Over the decades the Monticello-Goshen Chapter USHWA has held annual awards banquets to celebrate the accomplishments, both human and equine, at Monticello Raceway and Historic Track. Along with those accolades the scribes have also honored special individuals whose contributions to the sport have been exceptional. Tom Charters, president and chief executive officer of the Hambletonian Society/Breeders Crown, will be the recipient of this year's Monticello-Goshen Chapter USHWA's Lifetime Achievement Award at the chapter's upcoming banquet in mid-November. If you ever have the opportunity to listen to Charters talk about his life you'll hear a soft-spoken, almost humble, account of a long and meritorious career in harness racing. As he expounds his voice never changes a decibel but the more he tells of the people, places and things he been involved with, the more you realize you are listening to one of the true superstars in the sport. Like most who are successful, Charters didn't start at the top. A native Buckeye from Springfield, Ohio, he began his distinguished career as a groom for Dick Hackett. In the spring of 1968, while studying print making and painting at Ohio's Miami University he took a summer job grooming horses for legendary Hall of Famer, Delvin Miller, a move that was to play a key role in his life. After a two-year stint in Vietnam, Charters returned to college this time at the University of Kentucky earning his degree in animal science in 1973. "When I returned from Nam I wrote Delvin a letter stating if I bring my own rub-rags and my dog could I have a summertime job again to which Miller replied 'yes but leave the dog home and I'll supply the towels'. That was the last job application I ever made," Charters said with a laugh. Working for Miller for four years Charters cared for the 1974 Yonkers Trot winner Spitfire Hanover and then toured Europe with Delmonica Hanover, one of the greatest trotting mares the sport has ever known. "My family was real proud," Charters said with tongue in cheek. "Here I am with a college degree working for $100 a week caring for horses!" In February, 1976, Charters was named assistant racing secretary at The Meadows, the western Pennsylvania track founded by Miller, and in January 1980 he became racing secretary there. In May, 1983, he left the Meadows on a long jaunt to China, where he became director of racing and racing secretary for the newly opened Macau Trotting Club. A year and a half later, again at Miller's suggestion, he returned stateside to become executive director of the Breeders Crown, a year-end, the year-end championship series formed under the aegis of the Hambletonian Society, Inc., one of the most prestigious and important organizations in the sport. After ten years of distinguished leadership of the Crowns, Charters was named executive director of administration for the Society, overseeing its administration of 130 races it owns or services across North America, including the sport's ultimate prize the Hambletonian. Four years later in 1998, he was named president and chief executive officer. During his outstanding career Charters has been honored in the Standardbred industry with the 1993 Bill Haughton "Good Guy" Award from the United States Harness Writers Association and the 1998 Meritorious Award which is presented annually by the Ohio Chapter of that group to an native Ohioan for a dedicated and significant career in the harness industry over the previous two decades. He also was recognized by the Hambletonian Society in 1994 with the F. L. Van Lennep Memorial Award, citing extraordinary and important contribution to the harness racing industry and in 1999 by Sports Eye, the former New York area harness paper, with their William Haughton Award. In 2001 he received Harness Tracks of America's first Distinguished Service Medallion and in 2004 he was the recipient of the Proximity Achievement Award. Charters is a director of the Hambletonian Society, Inc., as well as the Society's representative on the Racing Committee of the American Horse Council and the Racing Medication & Testing Consortium. He is a trustee of the Harness Racing Museum, a steward of the Grand Circuit and formerly president of the American Harness Racing Secretaries, and trustee of the Harness Horse Youth Foundation,. He is a member of: the U.S. Harness Writers Association (N.J. chapter); the Honorable Order of Kentucky Colonels, the University of Kentucky Alumni Association, the Cranbury Lions Club and a parishioner of the Queenship of Mary R.C. Church in Plainsboro, N.J. He resides in Cranbury, N.J. with his wife, Dr. Susan Saravalli, Ph.D. Charters will receive his Lifetime Achievement Award when the scribes hold their 55th Annual Awards Banquet at the Fountains in Middletown NY on Sunday, November 17. For reservations, or to place a congratulatory ad in the chapter's charity journal, please contact banquet chairman John Manzi at 845.794.4100x455 or email him at firstname.lastname@example.org . by John Manzi for Monticello-Goshen Chapter USHWA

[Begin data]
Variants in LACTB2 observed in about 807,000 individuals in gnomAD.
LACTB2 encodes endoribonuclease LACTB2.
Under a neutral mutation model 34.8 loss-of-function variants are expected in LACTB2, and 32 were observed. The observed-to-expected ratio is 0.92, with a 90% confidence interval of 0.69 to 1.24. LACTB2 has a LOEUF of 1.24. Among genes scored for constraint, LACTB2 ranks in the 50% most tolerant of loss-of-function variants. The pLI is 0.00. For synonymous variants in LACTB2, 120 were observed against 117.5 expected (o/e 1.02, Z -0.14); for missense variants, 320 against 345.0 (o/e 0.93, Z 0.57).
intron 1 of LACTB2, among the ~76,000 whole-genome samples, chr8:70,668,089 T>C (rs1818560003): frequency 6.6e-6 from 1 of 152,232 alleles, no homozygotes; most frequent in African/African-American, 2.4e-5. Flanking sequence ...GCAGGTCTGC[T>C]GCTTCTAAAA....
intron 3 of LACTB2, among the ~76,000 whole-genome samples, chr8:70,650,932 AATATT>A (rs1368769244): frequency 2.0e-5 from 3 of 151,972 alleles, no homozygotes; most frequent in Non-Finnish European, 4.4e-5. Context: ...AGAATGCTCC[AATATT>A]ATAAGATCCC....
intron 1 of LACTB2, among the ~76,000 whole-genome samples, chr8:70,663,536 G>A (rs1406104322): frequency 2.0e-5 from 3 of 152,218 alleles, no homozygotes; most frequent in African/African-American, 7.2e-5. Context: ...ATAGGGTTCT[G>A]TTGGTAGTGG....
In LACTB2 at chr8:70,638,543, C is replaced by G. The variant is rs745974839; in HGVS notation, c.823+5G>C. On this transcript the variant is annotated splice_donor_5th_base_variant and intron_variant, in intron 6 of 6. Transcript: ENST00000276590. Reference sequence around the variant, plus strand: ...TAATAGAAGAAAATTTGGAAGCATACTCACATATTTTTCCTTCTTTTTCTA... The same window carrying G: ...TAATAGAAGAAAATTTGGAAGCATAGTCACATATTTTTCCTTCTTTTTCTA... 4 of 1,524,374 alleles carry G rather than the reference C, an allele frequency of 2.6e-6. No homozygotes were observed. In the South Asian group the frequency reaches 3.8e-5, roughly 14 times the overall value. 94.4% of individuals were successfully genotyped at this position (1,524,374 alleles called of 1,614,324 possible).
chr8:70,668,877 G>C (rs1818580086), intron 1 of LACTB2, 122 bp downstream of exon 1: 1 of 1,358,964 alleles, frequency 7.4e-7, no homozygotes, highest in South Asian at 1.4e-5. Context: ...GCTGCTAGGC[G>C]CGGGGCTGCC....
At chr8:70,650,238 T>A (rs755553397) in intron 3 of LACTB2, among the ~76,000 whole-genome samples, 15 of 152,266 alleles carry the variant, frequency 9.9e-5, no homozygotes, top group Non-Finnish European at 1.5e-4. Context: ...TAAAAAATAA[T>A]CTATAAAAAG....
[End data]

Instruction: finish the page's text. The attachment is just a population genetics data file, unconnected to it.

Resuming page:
Dean A. Hoffman will join the University of Arizona’s Race Track Industry Program (RTIP) in January, 2014. Hoffman will teach racing courses as well as support the Program’s marketing efforts and its yearly conference, the Global Symposium on Racing & Gaming. The announcement was made by RTIP director Doug Reed. Hoffman, long-time executive editor of the United States Trotting Associations’ Hoof Beats magazine, brings a wealth of talent to the Program and greatly increases the depth of knowledge of national and international harness racing to the faculty. “We are excited to have Dean join the team. He adds a tremendous amount of experience and greatly expands the diversity of the faculty here,” said Reed. After earning a degree with honors in Journalism, Hoffman started his career with advertising and public relations agencies before redirecting his skills to the harness industry and joining the USTA in 1981. Since then, he has written five books on harness racing and breeding including the recently published Harness Racing in New Your State, A History of Trotters, Tracks and Horsemen. Hoffman has won numerous awards for his contributions to racing including Harness Tracks of America’s Messenger Award, the highest honor given by the HTA, as well at their the Dan Patch Award for “immense contributions to the literature of harness racing.” In 2006, he was inducted into the Harness Racing Hall of Fame’s Communicator’s Corner. Submitted by RTIP